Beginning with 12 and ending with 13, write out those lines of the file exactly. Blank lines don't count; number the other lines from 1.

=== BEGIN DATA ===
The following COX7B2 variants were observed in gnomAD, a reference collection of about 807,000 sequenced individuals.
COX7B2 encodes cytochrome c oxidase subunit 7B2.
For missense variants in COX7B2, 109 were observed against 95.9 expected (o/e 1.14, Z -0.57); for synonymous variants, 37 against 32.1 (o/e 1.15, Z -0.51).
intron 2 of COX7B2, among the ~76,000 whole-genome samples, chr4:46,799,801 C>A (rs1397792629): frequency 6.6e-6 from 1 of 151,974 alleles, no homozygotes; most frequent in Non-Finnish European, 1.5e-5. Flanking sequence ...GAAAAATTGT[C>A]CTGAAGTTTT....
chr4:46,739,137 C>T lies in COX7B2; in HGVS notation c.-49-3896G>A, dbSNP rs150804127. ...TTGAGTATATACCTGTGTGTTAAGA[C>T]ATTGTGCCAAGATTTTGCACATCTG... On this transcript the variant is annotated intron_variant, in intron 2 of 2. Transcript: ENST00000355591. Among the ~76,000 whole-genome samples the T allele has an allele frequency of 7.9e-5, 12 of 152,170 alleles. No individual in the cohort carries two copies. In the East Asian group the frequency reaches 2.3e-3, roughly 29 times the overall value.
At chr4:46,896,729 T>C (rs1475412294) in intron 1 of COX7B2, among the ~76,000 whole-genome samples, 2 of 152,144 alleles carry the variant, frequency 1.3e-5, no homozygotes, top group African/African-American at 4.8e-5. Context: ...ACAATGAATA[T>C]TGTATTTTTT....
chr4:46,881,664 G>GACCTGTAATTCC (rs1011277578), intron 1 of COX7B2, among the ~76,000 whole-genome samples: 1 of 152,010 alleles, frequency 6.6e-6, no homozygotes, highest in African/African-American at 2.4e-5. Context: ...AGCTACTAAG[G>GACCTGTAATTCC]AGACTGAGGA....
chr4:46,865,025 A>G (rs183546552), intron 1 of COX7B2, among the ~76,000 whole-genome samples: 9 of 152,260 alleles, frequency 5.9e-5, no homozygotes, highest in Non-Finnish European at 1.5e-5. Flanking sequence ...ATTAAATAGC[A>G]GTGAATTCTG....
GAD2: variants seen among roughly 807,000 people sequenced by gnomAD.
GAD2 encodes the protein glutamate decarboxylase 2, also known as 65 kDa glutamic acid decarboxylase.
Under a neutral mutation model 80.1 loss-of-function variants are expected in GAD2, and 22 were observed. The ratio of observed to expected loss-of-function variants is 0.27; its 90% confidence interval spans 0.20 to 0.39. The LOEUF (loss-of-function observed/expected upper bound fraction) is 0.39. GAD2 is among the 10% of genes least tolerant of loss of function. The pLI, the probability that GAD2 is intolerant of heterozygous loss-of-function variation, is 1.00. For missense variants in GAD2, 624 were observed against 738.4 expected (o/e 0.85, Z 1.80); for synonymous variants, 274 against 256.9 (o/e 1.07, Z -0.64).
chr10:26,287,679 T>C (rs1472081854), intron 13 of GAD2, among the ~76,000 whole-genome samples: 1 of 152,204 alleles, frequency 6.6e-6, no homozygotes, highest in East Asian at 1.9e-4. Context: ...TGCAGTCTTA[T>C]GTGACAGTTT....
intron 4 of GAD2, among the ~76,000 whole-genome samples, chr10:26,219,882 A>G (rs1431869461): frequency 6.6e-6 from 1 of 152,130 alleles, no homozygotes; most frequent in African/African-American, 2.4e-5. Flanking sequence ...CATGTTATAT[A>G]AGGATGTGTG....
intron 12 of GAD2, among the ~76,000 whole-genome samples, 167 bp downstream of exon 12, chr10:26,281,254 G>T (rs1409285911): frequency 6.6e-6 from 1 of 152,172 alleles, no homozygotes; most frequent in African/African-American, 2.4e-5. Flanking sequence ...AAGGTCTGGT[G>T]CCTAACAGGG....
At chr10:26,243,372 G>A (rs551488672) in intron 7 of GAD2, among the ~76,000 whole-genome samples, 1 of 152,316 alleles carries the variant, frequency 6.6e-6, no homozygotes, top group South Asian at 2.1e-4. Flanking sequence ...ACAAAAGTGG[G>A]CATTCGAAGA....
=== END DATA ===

chr10:26,287,679 T>C (rs1472081854), intron 13 of GAD2, among the ~76,000 whole-genome samples: 1 of 152,204 alleles, frequency 6.6e-6, no homozygotes, highest in East Asian at 1.9e-4. Context: ...TGCAGTCTTA[T>C]GTGACAGTTT....
intron 4 of GAD2, among the ~76,000 whole-genome samples, chr10:26,219,882 A>G (rs1431869461): frequency 6.6e-6 from 1 of 152,130 alleles, no homozygotes; most frequent in African/African-American, 2.4e-5. Flanking sequence ...CATGTTATAT[A>G]AGGATGTGTG....